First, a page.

“Reflective thinking turns experience into insight.” — John C. Maxwell
Some say December is like the Friday of the months. I like that.
When I wrap up the last year and get ready for the next, I like to put a bow on the year.
I use Year End Reflection to craft the bow.
I find this helps me get a fresh start as we turn the page of a new year.
I remind myself to slow down to speed up. I think “crawl, walk, run” as I look to the new year.
I want to build on a firm foundation that compounds over time and amplifies my results as I “Be”, “Do”, “Have” my way forward.
As part of that foundation, I want to be grateful for the past year, create positive takeaways for the year, and set the stage for success this next year.
That’s where the practice of Year End Reflection helps.
How I Practice Year End Reflection
My process for year end reflection is pretty simple and I shared it in my book, Getting Results the Agile Way long ago.
I basically ask 3 key questions:
- What are 3 things that went well? (what are the 3 highlights?)
- What are 3 things to change or improve? (what did I learn from any lowlights or challenges?)
- What are 3 Wins you want to achieve this year? (What’s my bold ambition big dream for this year?)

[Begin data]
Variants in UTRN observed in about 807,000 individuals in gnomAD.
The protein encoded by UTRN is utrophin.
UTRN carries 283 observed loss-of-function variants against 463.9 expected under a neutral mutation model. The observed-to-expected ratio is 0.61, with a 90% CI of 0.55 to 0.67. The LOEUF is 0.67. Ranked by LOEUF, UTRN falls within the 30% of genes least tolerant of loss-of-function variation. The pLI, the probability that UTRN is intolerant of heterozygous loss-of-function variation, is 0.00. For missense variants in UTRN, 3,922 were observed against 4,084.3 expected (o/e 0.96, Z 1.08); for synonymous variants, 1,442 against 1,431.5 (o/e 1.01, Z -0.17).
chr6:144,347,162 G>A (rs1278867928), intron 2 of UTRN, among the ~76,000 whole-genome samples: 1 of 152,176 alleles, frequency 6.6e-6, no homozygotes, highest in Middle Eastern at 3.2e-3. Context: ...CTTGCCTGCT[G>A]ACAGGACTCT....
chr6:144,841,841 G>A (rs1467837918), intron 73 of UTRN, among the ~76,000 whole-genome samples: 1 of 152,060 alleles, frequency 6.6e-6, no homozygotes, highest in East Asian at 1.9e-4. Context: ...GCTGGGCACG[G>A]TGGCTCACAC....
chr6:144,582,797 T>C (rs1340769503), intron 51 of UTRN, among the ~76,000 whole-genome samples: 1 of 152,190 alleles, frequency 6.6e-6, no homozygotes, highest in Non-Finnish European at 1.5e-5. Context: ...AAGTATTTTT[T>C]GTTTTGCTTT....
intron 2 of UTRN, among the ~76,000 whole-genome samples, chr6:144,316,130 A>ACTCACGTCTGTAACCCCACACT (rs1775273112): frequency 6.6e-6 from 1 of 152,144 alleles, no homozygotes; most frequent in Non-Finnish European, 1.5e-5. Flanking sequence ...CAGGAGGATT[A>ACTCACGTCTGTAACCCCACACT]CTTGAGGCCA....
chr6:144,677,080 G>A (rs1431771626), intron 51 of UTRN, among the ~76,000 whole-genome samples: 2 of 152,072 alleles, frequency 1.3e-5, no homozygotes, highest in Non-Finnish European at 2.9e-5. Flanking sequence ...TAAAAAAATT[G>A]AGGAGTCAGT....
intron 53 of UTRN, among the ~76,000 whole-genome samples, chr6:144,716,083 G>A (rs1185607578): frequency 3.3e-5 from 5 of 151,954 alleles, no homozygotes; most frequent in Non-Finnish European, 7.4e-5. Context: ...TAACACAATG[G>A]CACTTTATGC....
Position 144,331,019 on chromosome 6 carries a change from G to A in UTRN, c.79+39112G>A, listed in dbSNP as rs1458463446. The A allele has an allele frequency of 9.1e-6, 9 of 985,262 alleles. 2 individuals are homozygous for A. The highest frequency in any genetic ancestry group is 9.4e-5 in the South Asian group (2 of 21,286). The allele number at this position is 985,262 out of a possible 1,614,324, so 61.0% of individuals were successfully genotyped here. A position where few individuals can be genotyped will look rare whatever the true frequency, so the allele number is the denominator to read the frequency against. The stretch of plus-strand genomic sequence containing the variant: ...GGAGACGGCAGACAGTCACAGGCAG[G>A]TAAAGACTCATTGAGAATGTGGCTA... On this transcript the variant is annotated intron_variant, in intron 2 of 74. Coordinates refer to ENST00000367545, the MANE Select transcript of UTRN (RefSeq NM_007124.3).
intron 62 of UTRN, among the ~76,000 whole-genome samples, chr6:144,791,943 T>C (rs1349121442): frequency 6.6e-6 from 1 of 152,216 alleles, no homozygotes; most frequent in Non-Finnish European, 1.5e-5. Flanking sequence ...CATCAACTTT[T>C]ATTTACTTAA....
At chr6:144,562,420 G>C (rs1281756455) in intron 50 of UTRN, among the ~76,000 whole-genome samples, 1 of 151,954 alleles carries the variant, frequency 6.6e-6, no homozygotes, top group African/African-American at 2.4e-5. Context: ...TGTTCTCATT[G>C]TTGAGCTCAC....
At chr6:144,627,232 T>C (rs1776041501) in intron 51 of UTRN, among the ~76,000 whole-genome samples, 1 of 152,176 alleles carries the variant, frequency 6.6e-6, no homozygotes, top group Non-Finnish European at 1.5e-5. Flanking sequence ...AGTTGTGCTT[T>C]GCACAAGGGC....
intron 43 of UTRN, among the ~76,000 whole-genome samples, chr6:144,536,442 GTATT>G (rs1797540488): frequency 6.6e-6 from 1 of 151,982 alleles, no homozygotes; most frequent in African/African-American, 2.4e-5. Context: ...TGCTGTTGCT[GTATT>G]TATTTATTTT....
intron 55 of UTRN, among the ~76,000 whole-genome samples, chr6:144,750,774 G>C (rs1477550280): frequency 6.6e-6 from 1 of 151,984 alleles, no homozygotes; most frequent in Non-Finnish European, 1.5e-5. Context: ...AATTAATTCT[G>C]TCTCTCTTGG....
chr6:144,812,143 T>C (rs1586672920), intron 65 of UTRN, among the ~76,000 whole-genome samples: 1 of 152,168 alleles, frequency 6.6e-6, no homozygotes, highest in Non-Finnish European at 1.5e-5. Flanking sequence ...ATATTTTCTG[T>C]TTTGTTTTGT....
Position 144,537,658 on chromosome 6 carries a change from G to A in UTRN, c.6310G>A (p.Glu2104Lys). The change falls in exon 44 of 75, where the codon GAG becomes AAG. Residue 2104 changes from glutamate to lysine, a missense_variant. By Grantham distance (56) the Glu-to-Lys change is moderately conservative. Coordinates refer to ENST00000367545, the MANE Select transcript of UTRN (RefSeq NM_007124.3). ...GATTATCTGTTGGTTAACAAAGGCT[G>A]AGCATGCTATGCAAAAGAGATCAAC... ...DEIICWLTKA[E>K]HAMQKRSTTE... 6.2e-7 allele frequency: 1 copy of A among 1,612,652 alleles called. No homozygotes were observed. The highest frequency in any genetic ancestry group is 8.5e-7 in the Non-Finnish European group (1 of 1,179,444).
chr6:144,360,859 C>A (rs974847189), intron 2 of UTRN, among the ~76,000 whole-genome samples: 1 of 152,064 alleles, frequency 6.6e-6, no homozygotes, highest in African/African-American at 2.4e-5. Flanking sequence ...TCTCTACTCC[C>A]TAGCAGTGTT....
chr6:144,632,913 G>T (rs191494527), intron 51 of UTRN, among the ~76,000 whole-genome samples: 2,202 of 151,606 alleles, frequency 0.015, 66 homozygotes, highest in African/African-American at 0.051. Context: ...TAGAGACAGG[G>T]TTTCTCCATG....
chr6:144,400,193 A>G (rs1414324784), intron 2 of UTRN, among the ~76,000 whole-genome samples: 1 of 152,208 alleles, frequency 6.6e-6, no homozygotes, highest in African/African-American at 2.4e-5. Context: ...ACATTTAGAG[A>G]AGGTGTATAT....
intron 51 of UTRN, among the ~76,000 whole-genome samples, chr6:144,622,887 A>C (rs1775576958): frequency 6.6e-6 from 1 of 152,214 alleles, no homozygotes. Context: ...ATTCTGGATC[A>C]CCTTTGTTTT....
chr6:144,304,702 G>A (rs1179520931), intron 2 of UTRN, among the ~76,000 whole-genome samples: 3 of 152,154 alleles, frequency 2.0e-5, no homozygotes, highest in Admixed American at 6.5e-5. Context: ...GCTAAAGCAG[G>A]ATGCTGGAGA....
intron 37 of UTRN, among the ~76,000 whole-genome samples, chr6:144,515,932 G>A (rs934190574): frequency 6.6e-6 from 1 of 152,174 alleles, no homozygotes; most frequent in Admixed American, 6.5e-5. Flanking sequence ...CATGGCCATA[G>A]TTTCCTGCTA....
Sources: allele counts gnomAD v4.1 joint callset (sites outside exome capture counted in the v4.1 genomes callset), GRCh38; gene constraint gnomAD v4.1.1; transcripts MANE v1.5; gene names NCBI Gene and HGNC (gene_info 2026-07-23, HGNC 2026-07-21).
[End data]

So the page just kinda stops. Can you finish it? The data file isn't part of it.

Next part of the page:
If you get stuck on #3, a simple trick is to imagine if a genie were to grant you 3 wishes, what would you ask for? (aside from a magic carpet ride)
To keep it in perspective, think of the 3 Wins as 3 changes you want to see in the year ahead, how you can do something different, become something different, or experience something different.
You know you’ve got a good set of 3 Wins to work towards when you feel like you have a compelling future that pulls you forward.
If you struggle finding compelling outcomes, then try connecting with your values.
Spending time in your values is one of the best ways to find your mojo and get your groove on, and it helps you find your flow.
How Tony Robbins and Sage Robbins Practice Year End Reflection
How does the master of effectiveness and a true leader in the field of personal development practice Year End Reflection?
I was curious and I like learning from other people’s practices.
Luckily, Tony Robbins and Sage Robbins shared their family’s 4 step process for Year End Reflection:
- Create a slide show of your favorite pictures from the year.
- Pick your favorite music to support the photos.
- Remember and reflect on precious moments.
- Figure out what you want to accomplish this next year.
Here’s a little more detail to better understand the steps…